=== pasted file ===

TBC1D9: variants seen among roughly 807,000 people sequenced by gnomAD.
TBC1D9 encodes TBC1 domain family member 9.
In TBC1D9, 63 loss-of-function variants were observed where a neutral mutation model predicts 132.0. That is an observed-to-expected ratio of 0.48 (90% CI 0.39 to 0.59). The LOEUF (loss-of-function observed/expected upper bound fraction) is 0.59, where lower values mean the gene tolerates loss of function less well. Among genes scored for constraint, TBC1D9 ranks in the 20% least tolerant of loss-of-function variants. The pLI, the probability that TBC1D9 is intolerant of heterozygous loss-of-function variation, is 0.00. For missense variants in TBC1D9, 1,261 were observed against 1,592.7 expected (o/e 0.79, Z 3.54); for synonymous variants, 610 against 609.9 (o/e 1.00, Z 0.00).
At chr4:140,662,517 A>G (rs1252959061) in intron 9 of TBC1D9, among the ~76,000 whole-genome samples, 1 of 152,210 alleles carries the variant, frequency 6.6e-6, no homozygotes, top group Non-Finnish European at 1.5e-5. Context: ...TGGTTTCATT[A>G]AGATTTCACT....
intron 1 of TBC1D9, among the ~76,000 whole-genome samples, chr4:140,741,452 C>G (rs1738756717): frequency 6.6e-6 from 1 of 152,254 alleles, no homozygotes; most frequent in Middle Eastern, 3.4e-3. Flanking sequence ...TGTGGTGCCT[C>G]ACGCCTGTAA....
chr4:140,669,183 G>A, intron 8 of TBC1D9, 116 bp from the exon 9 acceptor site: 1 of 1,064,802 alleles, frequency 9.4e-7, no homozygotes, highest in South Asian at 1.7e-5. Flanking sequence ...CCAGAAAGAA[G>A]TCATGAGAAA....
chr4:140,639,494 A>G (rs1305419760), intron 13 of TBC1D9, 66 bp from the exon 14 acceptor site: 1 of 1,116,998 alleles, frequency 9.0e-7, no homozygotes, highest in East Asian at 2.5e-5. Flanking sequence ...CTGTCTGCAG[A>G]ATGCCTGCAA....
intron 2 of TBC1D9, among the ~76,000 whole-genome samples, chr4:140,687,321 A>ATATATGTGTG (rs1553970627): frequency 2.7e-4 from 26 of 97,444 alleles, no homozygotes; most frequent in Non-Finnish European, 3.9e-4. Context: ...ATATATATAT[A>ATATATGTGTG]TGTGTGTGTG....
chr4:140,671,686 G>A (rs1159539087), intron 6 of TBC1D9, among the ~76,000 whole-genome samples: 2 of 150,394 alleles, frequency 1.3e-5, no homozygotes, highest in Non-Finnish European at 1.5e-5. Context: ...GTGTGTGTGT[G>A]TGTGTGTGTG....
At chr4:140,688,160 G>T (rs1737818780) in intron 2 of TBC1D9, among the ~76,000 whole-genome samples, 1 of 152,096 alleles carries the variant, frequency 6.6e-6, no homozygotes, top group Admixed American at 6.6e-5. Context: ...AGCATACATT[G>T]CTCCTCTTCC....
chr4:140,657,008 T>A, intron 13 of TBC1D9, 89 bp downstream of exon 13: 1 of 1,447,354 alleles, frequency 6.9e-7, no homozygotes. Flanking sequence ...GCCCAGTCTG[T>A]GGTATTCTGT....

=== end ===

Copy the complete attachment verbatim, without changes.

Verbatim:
TBC1D9: variants seen among roughly 807,000 people sequenced by gnomAD.
TBC1D9 encodes TBC1 domain family member 9.
In TBC1D9, 63 loss-of-function variants were observed where a neutral mutation model predicts 132.0. That is an observed-to-expected ratio of 0.48 (90% CI 0.39 to 0.59). The LOEUF (loss-of-function observed/expected upper bound fraction) is 0.59, where lower values mean the gene tolerates loss of function less well. Among genes scored for constraint, TBC1D9 ranks in the 20% least tolerant of loss-of-function variants. The pLI, the probability that TBC1D9 is intolerant of heterozygous loss-of-function variation, is 0.00. For missense variants in TBC1D9, 1,261 were observed against 1,592.7 expected (o/e 0.79, Z 3.54); for synonymous variants, 610 against 609.9 (o/e 1.00, Z 0.00).
At chr4:140,662,517 A>G (rs1252959061) in intron 9 of TBC1D9, among the ~76,000 whole-genome samples, 1 of 152,210 alleles carries the variant, frequency 6.6e-6, no homozygotes, top group Non-Finnish European at 1.5e-5. Context: ...TGGTTTCATT[A>G]AGATTTCACT....
intron 1 of TBC1D9, among the ~76,000 whole-genome samples, chr4:140,741,452 C>G (rs1738756717): frequency 6.6e-6 from 1 of 152,254 alleles, no homozygotes; most frequent in Middle Eastern, 3.4e-3. Flanking sequence ...TGTGGTGCCT[C>G]ACGCCTGTAA....
chr4:140,669,183 G>A, intron 8 of TBC1D9, 116 bp from the exon 9 acceptor site: 1 of 1,064,802 alleles, frequency 9.4e-7, no homozygotes, highest in South Asian at 1.7e-5. Flanking sequence ...CCAGAAAGAA[G>A]TCATGAGAAA....
chr4:140,639,494 A>G (rs1305419760), intron 13 of TBC1D9, 66 bp from the exon 14 acceptor site: 1 of 1,116,998 alleles, frequency 9.0e-7, no homozygotes, highest in East Asian at 2.5e-5. Flanking sequence ...CTGTCTGCAG[A>G]ATGCCTGCAA....
intron 2 of TBC1D9, among the ~76,000 whole-genome samples, chr4:140,687,321 A>ATATATGTGTG (rs1553970627): frequency 2.7e-4 from 26 of 97,444 alleles, no homozygotes; most frequent in Non-Finnish European, 3.9e-4. Context: ...ATATATATAT[A>ATATATGTGTG]TGTGTGTGTG....
chr4:140,671,686 G>A (rs1159539087), intron 6 of TBC1D9, among the ~76,000 whole-genome samples: 2 of 150,394 alleles, frequency 1.3e-5, no homozygotes, highest in Non-Finnish European at 1.5e-5. Context: ...GTGTGTGTGT[G>A]TGTGTGTGTG....
At chr4:140,688,160 G>T (rs1737818780) in intron 2 of TBC1D9, among the ~76,000 whole-genome samples, 1 of 152,096 alleles carries the variant, frequency 6.6e-6, no homozygotes, top group Admixed American at 6.6e-5. Context: ...AGCATACATT[G>T]CTCCTCTTCC....
chr4:140,657,008 T>A, intron 13 of TBC1D9, 89 bp downstream of exon 13: 1 of 1,447,354 alleles, frequency 6.9e-7, no homozygotes. Flanking sequence ...GCCCAGTCTG[T>A]GGTATTCTGT....